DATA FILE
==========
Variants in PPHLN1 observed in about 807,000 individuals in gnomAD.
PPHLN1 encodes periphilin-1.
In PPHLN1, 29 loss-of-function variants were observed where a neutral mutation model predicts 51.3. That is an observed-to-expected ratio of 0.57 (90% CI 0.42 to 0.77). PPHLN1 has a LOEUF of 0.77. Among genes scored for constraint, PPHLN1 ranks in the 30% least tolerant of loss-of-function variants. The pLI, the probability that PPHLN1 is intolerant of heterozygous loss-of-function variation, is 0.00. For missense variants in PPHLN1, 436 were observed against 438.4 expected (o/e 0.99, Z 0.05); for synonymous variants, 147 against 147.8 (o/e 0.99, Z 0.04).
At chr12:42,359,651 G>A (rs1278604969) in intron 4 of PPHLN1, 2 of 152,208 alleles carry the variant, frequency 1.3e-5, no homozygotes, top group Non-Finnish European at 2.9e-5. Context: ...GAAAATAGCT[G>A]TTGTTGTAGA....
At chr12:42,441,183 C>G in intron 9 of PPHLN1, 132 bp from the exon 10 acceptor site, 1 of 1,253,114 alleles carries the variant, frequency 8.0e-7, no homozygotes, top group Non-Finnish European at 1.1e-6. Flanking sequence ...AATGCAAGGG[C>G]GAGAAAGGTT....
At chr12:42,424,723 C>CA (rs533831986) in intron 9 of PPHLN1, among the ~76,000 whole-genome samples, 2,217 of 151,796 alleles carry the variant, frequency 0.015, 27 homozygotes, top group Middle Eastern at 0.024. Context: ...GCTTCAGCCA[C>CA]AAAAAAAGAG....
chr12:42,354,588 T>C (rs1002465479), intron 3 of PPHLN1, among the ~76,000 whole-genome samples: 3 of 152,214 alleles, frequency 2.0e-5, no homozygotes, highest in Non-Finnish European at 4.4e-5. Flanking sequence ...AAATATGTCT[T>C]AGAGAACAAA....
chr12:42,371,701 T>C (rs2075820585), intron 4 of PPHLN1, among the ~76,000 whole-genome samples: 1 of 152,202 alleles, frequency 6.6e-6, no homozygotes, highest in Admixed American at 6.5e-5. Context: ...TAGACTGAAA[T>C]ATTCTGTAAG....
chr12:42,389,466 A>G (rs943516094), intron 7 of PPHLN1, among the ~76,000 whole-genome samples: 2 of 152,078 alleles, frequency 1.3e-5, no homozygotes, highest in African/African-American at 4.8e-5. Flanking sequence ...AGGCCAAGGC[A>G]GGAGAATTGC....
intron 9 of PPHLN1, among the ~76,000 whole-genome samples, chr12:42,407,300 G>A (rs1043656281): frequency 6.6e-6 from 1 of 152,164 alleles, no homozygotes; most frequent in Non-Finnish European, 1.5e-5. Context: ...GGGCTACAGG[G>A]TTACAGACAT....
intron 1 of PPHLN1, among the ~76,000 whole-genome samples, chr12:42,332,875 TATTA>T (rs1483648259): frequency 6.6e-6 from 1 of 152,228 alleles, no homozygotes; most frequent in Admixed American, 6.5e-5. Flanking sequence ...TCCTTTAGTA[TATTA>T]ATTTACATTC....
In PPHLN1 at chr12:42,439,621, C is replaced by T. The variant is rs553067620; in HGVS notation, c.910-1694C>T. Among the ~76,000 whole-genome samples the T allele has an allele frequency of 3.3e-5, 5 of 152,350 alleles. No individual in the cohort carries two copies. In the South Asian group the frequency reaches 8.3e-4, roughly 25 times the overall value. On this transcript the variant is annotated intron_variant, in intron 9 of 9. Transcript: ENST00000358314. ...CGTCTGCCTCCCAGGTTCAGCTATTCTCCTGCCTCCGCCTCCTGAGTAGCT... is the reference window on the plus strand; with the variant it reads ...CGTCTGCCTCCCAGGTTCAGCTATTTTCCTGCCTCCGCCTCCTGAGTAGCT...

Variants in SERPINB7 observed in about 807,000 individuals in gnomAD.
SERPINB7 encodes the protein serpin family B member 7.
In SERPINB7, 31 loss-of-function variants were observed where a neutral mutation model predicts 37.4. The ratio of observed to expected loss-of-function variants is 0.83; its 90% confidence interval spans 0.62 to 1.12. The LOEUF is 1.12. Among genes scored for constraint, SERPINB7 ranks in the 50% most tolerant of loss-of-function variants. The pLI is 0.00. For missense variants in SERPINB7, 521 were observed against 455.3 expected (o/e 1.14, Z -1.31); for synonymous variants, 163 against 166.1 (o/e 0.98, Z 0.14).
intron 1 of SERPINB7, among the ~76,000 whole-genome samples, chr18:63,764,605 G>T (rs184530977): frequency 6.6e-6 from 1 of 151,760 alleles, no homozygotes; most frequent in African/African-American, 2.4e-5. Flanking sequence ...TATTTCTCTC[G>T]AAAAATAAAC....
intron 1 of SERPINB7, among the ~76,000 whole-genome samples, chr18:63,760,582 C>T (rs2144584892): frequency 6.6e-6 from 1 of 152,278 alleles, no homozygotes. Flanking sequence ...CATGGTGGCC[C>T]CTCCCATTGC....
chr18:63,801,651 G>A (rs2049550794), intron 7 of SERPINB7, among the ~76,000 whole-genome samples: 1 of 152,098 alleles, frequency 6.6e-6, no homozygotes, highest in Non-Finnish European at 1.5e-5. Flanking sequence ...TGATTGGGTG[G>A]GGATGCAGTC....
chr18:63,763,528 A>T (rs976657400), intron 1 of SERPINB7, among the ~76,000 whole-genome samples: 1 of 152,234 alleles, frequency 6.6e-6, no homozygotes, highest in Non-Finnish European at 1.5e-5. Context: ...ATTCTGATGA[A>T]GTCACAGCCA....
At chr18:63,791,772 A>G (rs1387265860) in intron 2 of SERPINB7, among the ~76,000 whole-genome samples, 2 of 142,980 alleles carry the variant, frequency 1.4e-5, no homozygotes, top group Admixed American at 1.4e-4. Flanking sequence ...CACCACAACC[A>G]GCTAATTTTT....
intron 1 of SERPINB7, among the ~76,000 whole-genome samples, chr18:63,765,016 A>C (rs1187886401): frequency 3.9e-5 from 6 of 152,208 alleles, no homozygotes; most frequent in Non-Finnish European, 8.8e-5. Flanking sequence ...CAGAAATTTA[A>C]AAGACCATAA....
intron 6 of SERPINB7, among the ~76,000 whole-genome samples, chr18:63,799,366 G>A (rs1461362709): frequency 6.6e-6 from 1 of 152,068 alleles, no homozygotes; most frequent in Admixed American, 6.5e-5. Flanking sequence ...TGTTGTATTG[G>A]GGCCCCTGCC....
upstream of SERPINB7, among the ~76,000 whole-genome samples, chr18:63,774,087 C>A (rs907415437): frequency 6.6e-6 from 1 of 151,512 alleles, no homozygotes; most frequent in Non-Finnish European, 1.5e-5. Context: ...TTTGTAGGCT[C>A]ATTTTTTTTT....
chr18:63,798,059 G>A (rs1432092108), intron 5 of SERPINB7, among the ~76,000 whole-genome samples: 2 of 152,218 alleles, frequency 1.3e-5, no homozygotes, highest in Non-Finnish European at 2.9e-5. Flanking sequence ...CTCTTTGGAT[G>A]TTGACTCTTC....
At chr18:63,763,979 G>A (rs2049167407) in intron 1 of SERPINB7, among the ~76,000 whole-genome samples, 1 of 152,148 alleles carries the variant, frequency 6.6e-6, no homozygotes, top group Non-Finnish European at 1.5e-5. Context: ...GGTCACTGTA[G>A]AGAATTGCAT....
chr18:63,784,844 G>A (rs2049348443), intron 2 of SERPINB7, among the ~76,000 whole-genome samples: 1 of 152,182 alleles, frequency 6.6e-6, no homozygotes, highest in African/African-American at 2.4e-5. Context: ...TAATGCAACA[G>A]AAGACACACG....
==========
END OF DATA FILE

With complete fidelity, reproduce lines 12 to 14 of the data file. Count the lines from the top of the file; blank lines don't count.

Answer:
In PPHLN1 at chr12:42,439,621, C is replaced by T. The variant is rs553067620; in HGVS notation, c.910-1694C>T. Among the ~76,000 whole-genome samples the T allele has an allele frequency of 3.3e-5, 5 of 152,350 alleles. No individual in the cohort carries two copies. In the South Asian group the frequency reaches 8.3e-4, roughly 25 times the overall value. On this transcript the variant is annotated intron_variant, in intron 9 of 9. Transcript: ENST00000358314. ...CGTCTGCCTCCCAGGTTCAGCTATTCTCCTGCCTCCGCCTCCTGAGTAGCT... is the reference window on the plus strand; with the variant it reads ...CGTCTGCCTCCCAGGTTCAGCTATTTTCCTGCCTCCGCCTCCTGAGTAGCT...

Variants in SERPINB7 observed in about 807,000 individuals in gnomAD.
SERPINB7 encodes the protein serpin family B member 7.